Postmedia Network Canada Corp. would consider "all options," including selling to a foreign buyer, if the Conservative government agreed to level the playing field for Canada's tax rules on newspaper and website advertising, the company's chief executive, Paul Godfrey, said in an interview.
Postmedia, which has Canada's largest circulation of paid English-language daily newspapers, is lobbying the government to amend Section 19.1 of the Income Tax Act, which currently provides a tax deduction for advertising spending with Canadian-owned broadcasters and newspapers.
The tax incentive prevents advertisers from deducting, as income tax expenses, advertising spending with foreign-owned broadcasters and newspapers operating in the Canadian market.
In an interview with The Lobby Monitor, Godfrey said he has made presentations to government officials asking them to remove the limitation on advertising with foreign-owned companies to encourage "people from Great Britain, Australia, to invest in Canadian newspapers," or to expand the advertising tax incentive to Canadian-owned companies operating in the digital world.
"I believe in less government regulation rather than more," he said. "If there are less rules, maybe Mr. Warren Buffett would come in and shore up newspapers."
In a follow-up email about the company's response if the government opened up the rules and Postmedia received an offer from a foreign buyer, he said "we would consider all options."
On behalf of Postmedia, Capital Hill Group consultant David Angus filed a lobbying registration last December, which said the company is lobbying the government to "allow foreign investment in Canadian newspapers," according to the registry. The registration remains active.
According to the registry, Angus communicated last December with Simon Kennedy, senior associate deputy minister of Industry Canada, on behalf of Postmedia.
In a speech to business leaders in Ottawa in May, Godfrey said he intended to discuss the issue with officials at the Heritage Department, Postmedia News reported May 24.
"We should either remove the foreign-ownership rules that protected us 60 plus years ago and are not needed today, or provide the same rules to Google, Facebook, the Huffington Post and others, [so] that if they're not controlled by Canadians, the advertising that goes on there should not allowed to be deducted as a legitimate business expense," Godfrey said in the speech. "I'm going to be speaking to the heritage ministry and posing that aspect to them—[to] provide a level playing field for everybody."
Godfrey told The Lobby Monitor that “there seems to be a level of interest” in his proposals within the government. "Any promises? No, but there has been an expression of interest,” he said.
He said Heritage Minister James Moore, Industry Minister Christian Paradis, Finance Minister Jim Flaherty and Prime Minister Stephen Harper are key to any final decision.
Expanding the tax deduction to the digital world would help Canadian-owned newspapers compete on more equal footing, Godfrey said.
Right now, Godfrey said, foreign websites can operate in Canada with no regulations. The websites "don’t add anything to journalism equality but take digital advertising away from Canadian newspapers," he said.
"You cannot regulate the Internet, but you can sure put rules into place that could prevent advertisers from deducting advertising as proper business expenses,” he said.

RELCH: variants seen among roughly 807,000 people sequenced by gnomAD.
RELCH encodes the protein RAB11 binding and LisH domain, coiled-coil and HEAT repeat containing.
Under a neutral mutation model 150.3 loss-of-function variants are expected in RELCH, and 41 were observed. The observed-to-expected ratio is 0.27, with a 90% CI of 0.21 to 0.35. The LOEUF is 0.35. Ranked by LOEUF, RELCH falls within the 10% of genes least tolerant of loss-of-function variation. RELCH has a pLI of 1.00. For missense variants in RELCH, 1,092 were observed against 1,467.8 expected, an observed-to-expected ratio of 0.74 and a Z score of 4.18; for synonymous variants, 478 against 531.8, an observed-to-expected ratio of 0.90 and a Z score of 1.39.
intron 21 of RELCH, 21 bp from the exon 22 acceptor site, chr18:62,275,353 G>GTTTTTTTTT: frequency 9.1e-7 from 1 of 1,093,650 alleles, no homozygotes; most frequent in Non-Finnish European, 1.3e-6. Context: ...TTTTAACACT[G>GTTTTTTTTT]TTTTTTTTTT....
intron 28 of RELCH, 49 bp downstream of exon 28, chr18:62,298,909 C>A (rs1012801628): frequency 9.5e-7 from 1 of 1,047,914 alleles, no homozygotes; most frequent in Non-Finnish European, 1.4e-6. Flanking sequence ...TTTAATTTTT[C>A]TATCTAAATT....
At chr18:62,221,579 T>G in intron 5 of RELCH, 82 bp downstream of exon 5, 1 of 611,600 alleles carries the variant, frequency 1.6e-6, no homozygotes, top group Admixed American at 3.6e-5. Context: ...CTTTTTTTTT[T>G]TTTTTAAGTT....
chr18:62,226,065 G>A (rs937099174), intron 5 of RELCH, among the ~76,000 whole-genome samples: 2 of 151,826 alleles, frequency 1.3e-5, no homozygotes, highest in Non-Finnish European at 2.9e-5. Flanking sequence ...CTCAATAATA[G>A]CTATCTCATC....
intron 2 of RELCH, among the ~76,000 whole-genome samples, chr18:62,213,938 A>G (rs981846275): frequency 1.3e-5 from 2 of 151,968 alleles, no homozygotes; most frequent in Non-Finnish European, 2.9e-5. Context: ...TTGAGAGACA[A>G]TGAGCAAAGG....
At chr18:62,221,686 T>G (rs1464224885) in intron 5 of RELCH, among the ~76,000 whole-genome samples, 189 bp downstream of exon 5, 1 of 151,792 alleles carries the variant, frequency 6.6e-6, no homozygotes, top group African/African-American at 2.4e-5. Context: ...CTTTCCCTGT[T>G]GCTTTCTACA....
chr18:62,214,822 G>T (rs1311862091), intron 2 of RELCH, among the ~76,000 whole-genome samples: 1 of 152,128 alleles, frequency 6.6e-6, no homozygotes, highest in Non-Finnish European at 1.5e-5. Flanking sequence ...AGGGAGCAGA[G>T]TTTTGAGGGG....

Applying the tax rule equally for Canadian and foreign-owned news sources would increase competition, which "makes better journalism and gives better rates for advertising and could prolong the life of newspapers,” Godfrey said. "I think everybody recognizes newspaper revenues in Canada are falling. You can see they are all making cuts significantly.”
Corus Entertainment Inc. has also called on the government to extend the tax deduction to Canadian-owned digital media properties, and made the recommendation to the House of Commons heritage committee in the fall of 2010.
Suanne Kelman, a professor at Ryerson University's school of journalism, said in a phone interview that it is a little too late for the government to impose new rules affecting taxes on digital advertising, but the Tory government could be willing to make changes to attract investment.
She said Canada has a competition problem due to media concentration and that foreign investment could generate more competition. "Today, I look around, and who else is going to buy? Newspapers need to survive," she said.
Postmedia's newspapers include the Vancouver Sun, the Calgary Herald, the Edmonton Journal, the National Post, the Montreal Gazette, and the Ottawa Citizen. Their websites will move to a paywalled, or "metered" system for premium and local content, the company said last year.
In April, Postmedia posted a second-quarter loss of $11.1 million. Revenue declined due to lower print advertising revenues, primarily in national ads. The company is also trying to pay down about $515 million US in debt.
Postmedia said in May it was getting out of the newswire “commodity news” business and announced a new deal to distribute Canada Press (CP) content. The transition involved laying off staff in national newsroom desk positions.
The company said it will stop printing Sunday editions at the Ottawa Citizen, Calgary Herald, and Edmonton Journal. About 20 jobs are expected be cut or transferred from each newspaper as pagination and design jobs are consolidated at a new, non-unionized shop in Hamilton, Ont.
The company said last October it had reached a deal to sell the Victoria Times Colonist to Vancouver company Glacier Media Inc. for $86.5 million.
Godfrey, former CEO of the Toronto Blue Jays, currently serves as chair of the Ontario Lottery and Gaming Corporation.